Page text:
Over Memorial Day weekend in 2011, my dog Gracie and I explored the National Road all the way across Ohio. That road is now US 40 in most places. I’m bringing the long trip report over from my old Roads site.
By the time I reached Clark County, I was clearly on the tail end of my three-day journey across Ohio’s National Road. After all, Springfield is about three-quarters of the way across the state from east to west. While speed is never my goal on any road trip, I was making very good time simply because US 40 is so straight across most of western Ohio – with only a couple exceptions, it was built directly on top of the National Road from Columbus to the Indiana state line. There was little to see in terms of old alignments and there were no old stone bridges to photograph. So I settled in and just enjoyed the driving.
Amusingly, when the road reaches itty bitty Brighton, the westbound lanes go through town while the eastbound lanes bypass it.
But US 40 entirely bypasses slightly larger South Vienna.
This old house, which looks abandoned, stands on the road on the west end of town. (It has since been demolished.)
Soon I reached Springfield. I stopped frequently because there is so much there. It was to be my last major stop on the road. This drive-in on the east end of town, which opened in 1947, still operates. (In 2022, this theater was demolished so that a 1,250-unit housing development could be built on the land.)
The entrance has seen better days.
The Drake Motel sign is a National Road landmark. Many of the photos I’ve seen of it (such as this one) showed it in some disrepair, its neon broken and its panels stained with rust. It appears to have been freshly repaired and repainted, but unfortunately its neon was removed. There used to be an almost identical Drake Motel sign (and not-identical accompanying motel) on US 40 in eastern Indianapolis, but it was torn down years ago.
Here’s the sign in perspective with the motel itself.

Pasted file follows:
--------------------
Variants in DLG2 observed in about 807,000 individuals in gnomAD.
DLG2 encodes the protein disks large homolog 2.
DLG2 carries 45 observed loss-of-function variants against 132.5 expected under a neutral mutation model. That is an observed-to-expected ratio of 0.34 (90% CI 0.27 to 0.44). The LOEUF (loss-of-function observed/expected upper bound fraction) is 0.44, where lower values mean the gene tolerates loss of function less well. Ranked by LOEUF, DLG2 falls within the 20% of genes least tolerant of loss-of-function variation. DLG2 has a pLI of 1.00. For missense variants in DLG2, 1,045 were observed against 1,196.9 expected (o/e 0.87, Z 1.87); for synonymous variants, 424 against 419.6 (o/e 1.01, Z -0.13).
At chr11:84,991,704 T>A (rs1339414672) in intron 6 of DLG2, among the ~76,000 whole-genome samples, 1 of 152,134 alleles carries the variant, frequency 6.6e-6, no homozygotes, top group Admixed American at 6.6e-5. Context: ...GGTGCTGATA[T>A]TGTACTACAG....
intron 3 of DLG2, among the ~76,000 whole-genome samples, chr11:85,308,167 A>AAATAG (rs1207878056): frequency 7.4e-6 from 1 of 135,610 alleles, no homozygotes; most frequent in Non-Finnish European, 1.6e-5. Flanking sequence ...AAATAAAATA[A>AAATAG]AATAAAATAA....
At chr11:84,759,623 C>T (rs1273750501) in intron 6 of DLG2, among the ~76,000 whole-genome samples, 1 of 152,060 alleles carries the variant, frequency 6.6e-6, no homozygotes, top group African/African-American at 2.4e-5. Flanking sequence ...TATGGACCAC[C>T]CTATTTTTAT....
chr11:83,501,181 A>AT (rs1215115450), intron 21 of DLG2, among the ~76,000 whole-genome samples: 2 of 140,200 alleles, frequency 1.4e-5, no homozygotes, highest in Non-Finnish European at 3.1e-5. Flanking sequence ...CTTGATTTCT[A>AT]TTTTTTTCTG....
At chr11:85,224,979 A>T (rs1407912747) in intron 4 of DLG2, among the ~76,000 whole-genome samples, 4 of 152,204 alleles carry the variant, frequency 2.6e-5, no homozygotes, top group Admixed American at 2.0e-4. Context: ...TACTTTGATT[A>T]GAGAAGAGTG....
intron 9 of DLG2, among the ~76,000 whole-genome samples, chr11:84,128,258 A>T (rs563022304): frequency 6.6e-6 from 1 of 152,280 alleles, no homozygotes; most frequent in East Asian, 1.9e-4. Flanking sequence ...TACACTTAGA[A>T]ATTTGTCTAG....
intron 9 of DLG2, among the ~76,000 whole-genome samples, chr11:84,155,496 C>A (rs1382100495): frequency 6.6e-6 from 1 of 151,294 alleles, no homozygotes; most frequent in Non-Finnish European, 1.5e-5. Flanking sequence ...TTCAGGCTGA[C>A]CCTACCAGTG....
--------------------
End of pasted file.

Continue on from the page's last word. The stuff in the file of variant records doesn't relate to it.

US 40 enters and exits Springfield along the Main Street corridor, but through most of town US 40 is routed onto two one-way streets to the north of Main. The Main Street alignment is highlighted in blue on the map below.
There’s lots to like about the Schuler’s Bakery building, a few blocks west of where US 40 diverges from the National Road.
Props to them for keeping their neon lit during the day! (In 2022, this building is closed, as it is in need of major repairs. Schuler’s has two other locations in Springfield that still operate.)
The neon is missing from the Tuttle Bros. Auto Supplies sign a couple blocks down the road.
This business seems to be missing from the building, too.
There’s lots of great old signage in and on this building, which once housed Northside Appliances.
This building was once the Shawnee Hotel, but I don’t know how it’s being used today. It sure is striking, though.
This is the Bushnell Building, which was built in 1893. Its claim to fame is that patent attorney Harry Toulmin had his office here when he wrote the patent for the Wright Brothers’ invention of the airplane.
Across from the Bushnell Building is Springfield’s Fountain Square, where this statue of Toulmin looks at the entrance to his former office.
And with that, I rejoined US 40 on Springfield’s west end and and headed out of town. It is said that federal funds for building Ohio’s National Road ran out here. Indeed, the major road out of town here is State Route 4. To stay on US 40 and the National Road means taking a dogleg exit.
I forgot to look for two things in Springfield. The first is Springfield’s Madonna of the Trail, which is a statue placed here and in 11 other locations along the National Old Trails Road in 1928 and 1929. The National Old Trails Road was a coast-to-coast road that mostly followed the National Road across its six states. The second is the beginning of the Dayton Cutoff, a road that crafty officials in Dayton built to siphon National Road traffic through their town. It worked, too. I guess I’ll just have to go back to Springfield another day!
Next: The Dayton Cutoff, a sly detour off the National Road that let Dayton in on the action.
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